Last minute duck luck on Long Island, New York

Ian Gardner, Josh Lefever, and I camped in my SUV on the night of November 16th. We parked the car near Alley Pond Park, with plans to be able to wake up the next morning and already be right there to try for the Virginia’s Warbler. This was the first night of our 5 day trip through coastal New England. We were in search of the various rare birds and as many other cool birds as we could. Earlier in the evening of the 16th, we visited Inwood Park in New York City to try for the Barnacle Goose that had been there the days before but it was no where to be found when we searched. That was the only Barnacle Goose we knew about along our planned route and would have been a lifer for Ian. After that we found a nearby pizza place and then got caught in traffic for the next few hours. Besides the pizza, our trip was off to a sour start. Not to mention, we were woken by the cops and told to move our car out of the the Alley Pond Park’s lot and move it out on to the street.

On the morning of November 17th, things started off slow as well. The three of us scoured Alley Pond Park for the Virginia’s Warbler – going around to all the locations it had been reported previously, but not having any luck. As the temperature slowly rose throughout the morning, the birds became more active and we had high hopes of finding the warbler. However, we also knew that we couldn’t spend all day here if we also wanted to be able to hit our other target locations on Long Island. A little after 8:00am we ran into Derek Rogers and another New York birder also searching for the Virginia’s Warbler. The 5 of us split up and looked for the bird. Around 8:35am, Derek called me to say he was looking at the warbler. I got Josh and Ian’s attention and we ran over to find where Derek was. When we got to him, he said he just lost the bird in a tangle of brush but it must still be in that general area. We started scanning the brush for a sign of it. After a few seconds, we heard the bird chip and then launch up out of the cover and fly past us and up over the trail, dropping down out of sight. We headed in that direction and quickly found the bird again. For the next few minutes, we continued to get short but adequate looks at the Virginia’s Warbler as well as hearing it’s chip call often. The behavior of the bird was very similar to the one I saw back in February in Maryland – actively foraging in one spot and then launching up into the air and dropping down to another brushy area 50 feet away. We eventually lost track of the bird, not ever getting the chance for a photo, but satisfied with the looks we got. To make things even better, Derek was able to give us more details about the Eurasian Wigeon we planned on stopping for as well as letting us know about an unconfirmed report of another Barnacle Goose – this one at Marratooka Pond, right near where we were planning on getting a ferry to Connecticut! Perfect! Our trip was starting to come back together.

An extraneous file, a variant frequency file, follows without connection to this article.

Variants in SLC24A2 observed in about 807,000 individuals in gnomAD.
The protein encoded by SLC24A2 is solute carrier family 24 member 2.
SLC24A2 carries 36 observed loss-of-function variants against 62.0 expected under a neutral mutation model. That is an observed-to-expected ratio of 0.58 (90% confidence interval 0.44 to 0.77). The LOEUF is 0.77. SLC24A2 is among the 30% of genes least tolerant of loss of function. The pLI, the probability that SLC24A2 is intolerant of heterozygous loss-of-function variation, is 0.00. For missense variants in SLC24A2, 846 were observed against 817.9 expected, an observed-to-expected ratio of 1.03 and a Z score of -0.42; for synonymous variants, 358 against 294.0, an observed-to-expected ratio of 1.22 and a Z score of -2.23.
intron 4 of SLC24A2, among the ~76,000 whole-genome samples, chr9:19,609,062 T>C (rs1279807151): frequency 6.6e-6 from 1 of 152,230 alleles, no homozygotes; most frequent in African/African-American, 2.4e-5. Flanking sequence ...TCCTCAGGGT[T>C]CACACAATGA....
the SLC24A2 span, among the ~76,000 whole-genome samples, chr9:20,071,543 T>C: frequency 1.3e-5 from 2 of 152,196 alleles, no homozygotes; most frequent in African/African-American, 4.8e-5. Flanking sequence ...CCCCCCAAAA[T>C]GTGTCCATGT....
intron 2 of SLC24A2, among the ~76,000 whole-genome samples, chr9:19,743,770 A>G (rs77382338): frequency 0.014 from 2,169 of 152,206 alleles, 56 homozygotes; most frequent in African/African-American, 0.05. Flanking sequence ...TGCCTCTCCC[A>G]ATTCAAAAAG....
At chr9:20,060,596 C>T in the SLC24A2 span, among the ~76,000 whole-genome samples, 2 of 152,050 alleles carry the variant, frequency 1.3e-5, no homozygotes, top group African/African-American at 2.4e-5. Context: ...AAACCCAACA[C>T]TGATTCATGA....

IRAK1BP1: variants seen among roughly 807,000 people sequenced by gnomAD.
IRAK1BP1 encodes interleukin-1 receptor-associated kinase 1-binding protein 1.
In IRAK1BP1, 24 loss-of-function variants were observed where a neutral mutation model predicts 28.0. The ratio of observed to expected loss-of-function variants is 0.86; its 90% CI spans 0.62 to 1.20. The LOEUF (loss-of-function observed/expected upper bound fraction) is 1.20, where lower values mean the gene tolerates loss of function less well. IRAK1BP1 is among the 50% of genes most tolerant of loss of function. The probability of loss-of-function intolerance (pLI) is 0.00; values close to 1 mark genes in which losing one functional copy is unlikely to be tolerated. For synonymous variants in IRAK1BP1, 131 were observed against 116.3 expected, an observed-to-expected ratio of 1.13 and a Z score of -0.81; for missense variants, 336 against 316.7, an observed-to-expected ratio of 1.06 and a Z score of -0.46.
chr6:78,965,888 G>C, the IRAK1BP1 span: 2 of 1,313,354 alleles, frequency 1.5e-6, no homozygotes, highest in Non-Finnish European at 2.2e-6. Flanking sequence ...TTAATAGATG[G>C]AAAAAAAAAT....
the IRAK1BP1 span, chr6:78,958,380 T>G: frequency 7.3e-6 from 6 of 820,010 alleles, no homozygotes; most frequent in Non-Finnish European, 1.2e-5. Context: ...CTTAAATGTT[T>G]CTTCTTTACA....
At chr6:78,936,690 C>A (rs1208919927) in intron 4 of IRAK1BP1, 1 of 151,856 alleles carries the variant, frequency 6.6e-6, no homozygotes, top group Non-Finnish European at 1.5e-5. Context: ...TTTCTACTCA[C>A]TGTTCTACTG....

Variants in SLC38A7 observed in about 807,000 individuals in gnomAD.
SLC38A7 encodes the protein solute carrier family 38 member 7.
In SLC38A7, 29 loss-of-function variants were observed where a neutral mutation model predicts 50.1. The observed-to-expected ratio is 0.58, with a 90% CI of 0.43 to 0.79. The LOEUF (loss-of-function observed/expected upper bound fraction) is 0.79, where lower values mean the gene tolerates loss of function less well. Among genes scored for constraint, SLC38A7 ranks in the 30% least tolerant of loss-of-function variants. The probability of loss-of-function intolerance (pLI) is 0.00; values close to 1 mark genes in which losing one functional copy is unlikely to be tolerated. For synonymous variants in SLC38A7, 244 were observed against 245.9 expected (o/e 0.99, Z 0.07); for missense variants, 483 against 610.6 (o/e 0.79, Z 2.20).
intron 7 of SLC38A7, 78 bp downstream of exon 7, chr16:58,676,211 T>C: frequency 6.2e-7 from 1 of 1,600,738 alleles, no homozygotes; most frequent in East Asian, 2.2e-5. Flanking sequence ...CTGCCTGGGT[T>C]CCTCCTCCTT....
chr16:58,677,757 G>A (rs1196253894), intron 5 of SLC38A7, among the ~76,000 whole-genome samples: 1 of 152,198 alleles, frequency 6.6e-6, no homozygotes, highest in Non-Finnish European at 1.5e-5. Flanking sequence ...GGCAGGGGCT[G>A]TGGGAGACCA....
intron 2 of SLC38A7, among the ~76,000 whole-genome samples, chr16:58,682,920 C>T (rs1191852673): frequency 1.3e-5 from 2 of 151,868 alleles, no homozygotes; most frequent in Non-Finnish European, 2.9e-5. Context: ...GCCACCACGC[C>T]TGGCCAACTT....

Eurasian Wigeon – adult male at Mill Pond, NY (Photo by Alex Lamoreaux)

Our next stop was in Sayville, NY at Mill Pond to try for a male Eurasian Wigeon. As soon as we pulled up and got out of the car, Josh spotted the duck. We watched it along with American Wigeon, Northern Pintail, Gadwall, and Mallards for a half hour and then continued east out towards Montauk point. Our next target species was Greater White-fronted Goose, of which there were at least 5 being reported near East Hampton. We searched all the spots the birds had previously been reported, but couldn’t find any large flocks of Canada Geese let alone white-fronted. Bummer. Another dip and another missed chance at a lifer for Ian.